“That is unnecessary for you to know. We are deciders of fate, that is all. We have our reasons, which are not of your concern. How the Consortium operates has no impact on your life other than accepting or denying whether you will continue on as a Secret Carrier when you leave us.”
“What happens if you are denied?”
Silence reigned once more, broken only by the soft swishing of robes, as if the Consortium members were talking amongst themselves.
‘We deal with those cases as and when they occur.” The voice had become harsh and clipped.
“So, they do happen? Not everyone is chosen as a Carrier?” Eleanor’s voice was full of soft awe.
“Of course. Not everyone is suitable. Not everyone is the same. It takes a certain type of person to be a carrier. Each of the secrets is vastly different in scope. They each have different responsibilities inherent with them.”
“So you’re saying I might not even become a Secret Carrier after all?” Silas asked. His voice rose an octave with excitement and relief.
“Yes, you are correct, Silas St. Claire.”
A sigh escaped him in a loud whoosh. “Okay. I’ll do it. I’ll take the test, now that I know it’s not set in stone.”
Anise opened her mouth, but snapped it shut again. She was going to say it is set in stone, once you are chosen, once you get the words and symbols etched permanently into your skin, there is no turning back then, no changing your mind. She had found that out too late, the wrong way around.
There was a murmur of agreement throughout the darkness. “The Consortium are glad to hear it, Silas St. Claire. You come highly recommended.”
“Recommended? By who?”
“By your friend, William McDonnaugh. There is no one else that would recommend you.” The Consortium sounded confused. “Did William not speak to you of his intentions?”
Silas dropped his head, his shoulders drooping. “No. He didn’t get the chance. It was too late to ask questions.”
“We understand.” This time the voice was heavy with sympathy.
His feet felt like they were made of lead, but eventually he reached the door over which the pale blue light shone above.
When he stepped out of the room, even from this distance, Anise saw he was as white as a sheet, and as she watched, he ran an arm across his brow. On unsteady legs Silas made his way back to them. He looked on the verge of collapsing.
“How did it go?” Eleanor asked earnestly, hopeful, resting a hand gently on his arm. He sagged slightly. “I’m not sure. I don’t really know. I don’t know what to think. I don’t even really understand what just happened.”
The four of them stood, lined in a row, awaiting Silas’ fate.
The seconds stretched to minutes, and the minutes into longer and longer chunks. Ten minutes passed, then fifteen, then twenty.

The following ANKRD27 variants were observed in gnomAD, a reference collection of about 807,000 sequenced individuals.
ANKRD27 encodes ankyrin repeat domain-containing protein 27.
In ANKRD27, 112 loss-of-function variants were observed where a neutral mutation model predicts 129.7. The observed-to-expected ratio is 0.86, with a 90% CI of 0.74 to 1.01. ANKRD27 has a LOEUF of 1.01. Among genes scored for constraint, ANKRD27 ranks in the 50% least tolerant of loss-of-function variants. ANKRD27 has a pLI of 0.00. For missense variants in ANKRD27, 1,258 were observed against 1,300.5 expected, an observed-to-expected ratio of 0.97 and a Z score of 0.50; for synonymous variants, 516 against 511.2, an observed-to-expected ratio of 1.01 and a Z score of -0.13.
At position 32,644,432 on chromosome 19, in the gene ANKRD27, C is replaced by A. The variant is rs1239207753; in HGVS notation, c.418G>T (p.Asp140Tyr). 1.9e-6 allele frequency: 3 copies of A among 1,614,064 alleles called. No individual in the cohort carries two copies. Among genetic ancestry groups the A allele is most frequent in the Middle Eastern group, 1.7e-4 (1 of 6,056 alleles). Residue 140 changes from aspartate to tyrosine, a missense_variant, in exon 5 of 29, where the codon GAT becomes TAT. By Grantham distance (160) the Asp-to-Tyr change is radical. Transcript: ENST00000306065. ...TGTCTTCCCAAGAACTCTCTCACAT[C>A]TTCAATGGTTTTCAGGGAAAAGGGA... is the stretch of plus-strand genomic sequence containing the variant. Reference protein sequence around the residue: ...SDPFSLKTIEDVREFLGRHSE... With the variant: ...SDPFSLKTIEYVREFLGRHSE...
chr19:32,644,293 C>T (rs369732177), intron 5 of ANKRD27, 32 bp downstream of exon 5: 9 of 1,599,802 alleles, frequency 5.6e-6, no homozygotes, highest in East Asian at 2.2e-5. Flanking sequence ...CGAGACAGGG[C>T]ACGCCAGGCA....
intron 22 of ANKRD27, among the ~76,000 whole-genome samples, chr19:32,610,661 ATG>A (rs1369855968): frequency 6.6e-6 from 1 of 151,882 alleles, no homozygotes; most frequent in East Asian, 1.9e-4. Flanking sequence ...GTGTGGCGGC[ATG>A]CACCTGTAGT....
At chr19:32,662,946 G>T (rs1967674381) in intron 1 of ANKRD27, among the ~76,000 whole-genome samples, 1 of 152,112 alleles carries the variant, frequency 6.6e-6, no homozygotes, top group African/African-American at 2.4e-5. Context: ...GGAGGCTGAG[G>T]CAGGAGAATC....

Anise was on the verge of just getting up and walking out, back into the outside world instead of remaining cooped up in this claustrophobic darkness. They were getting anxious – pacing nervously, looking at hands, and picking absently at fingernails.
Without warning the voice spoke. It spoke softly, but the suddenness caused all of them to jump in surprise.
“Silas St. Claire, you have failed the test.”
“What?” He said, incredulous even as relief swelled inside him like a wave, ready to crash on the shores of hope. He was echoed by a shocked Eleanor, a stunned Trevan and an irate Anise.
“What do you mean he failed?”
“There is nothing else we could mean by that answer.” The Consortium said, serious, confusion tinging its words.
“No, I mean how? How did he fail?”
“He did not respond to the stimuli how she should have, in the way that is expected,” they replied matter-of-factly.
“But that doesn’t mean he’s not suitable!” Anises’ voice rose and her eyes flicked back and forth across the darkness, searching for eyes to meet that she wouldn’t find. It was very disorienting talking to people you could look in the eye, or the face.
“He did not pass the test,” the monotone repeated with simple finality.
“We came all this way for this?” This time it was Trevan, and he had stepped forward, broken the human chain they had formed.
Silas raised his hands in front of him. “It’s okay,” he said, trying to keep the relief from his voice but failing miserably. “It obviously is not meant to be.”
“Don’t be ridiculous!” Anise shouted, her voice bouncing back to them from the corrugated metal walls of the warehouse. “Of course you are! If your friend William chose you, wanted you, he had a reason. A good one,” she added. Without meaning to, her thoughts slipped back to the village inhabited only by children – with no adult in sight to guide or guard them. She shuddered. William must have had a good reason for that, she thought. Silas would have more common sense than turn a whole town into one only of children, of that she was certain. That was a sort of cruel and unusual punishment.
“Re-test him!” The words came out, hot and angry.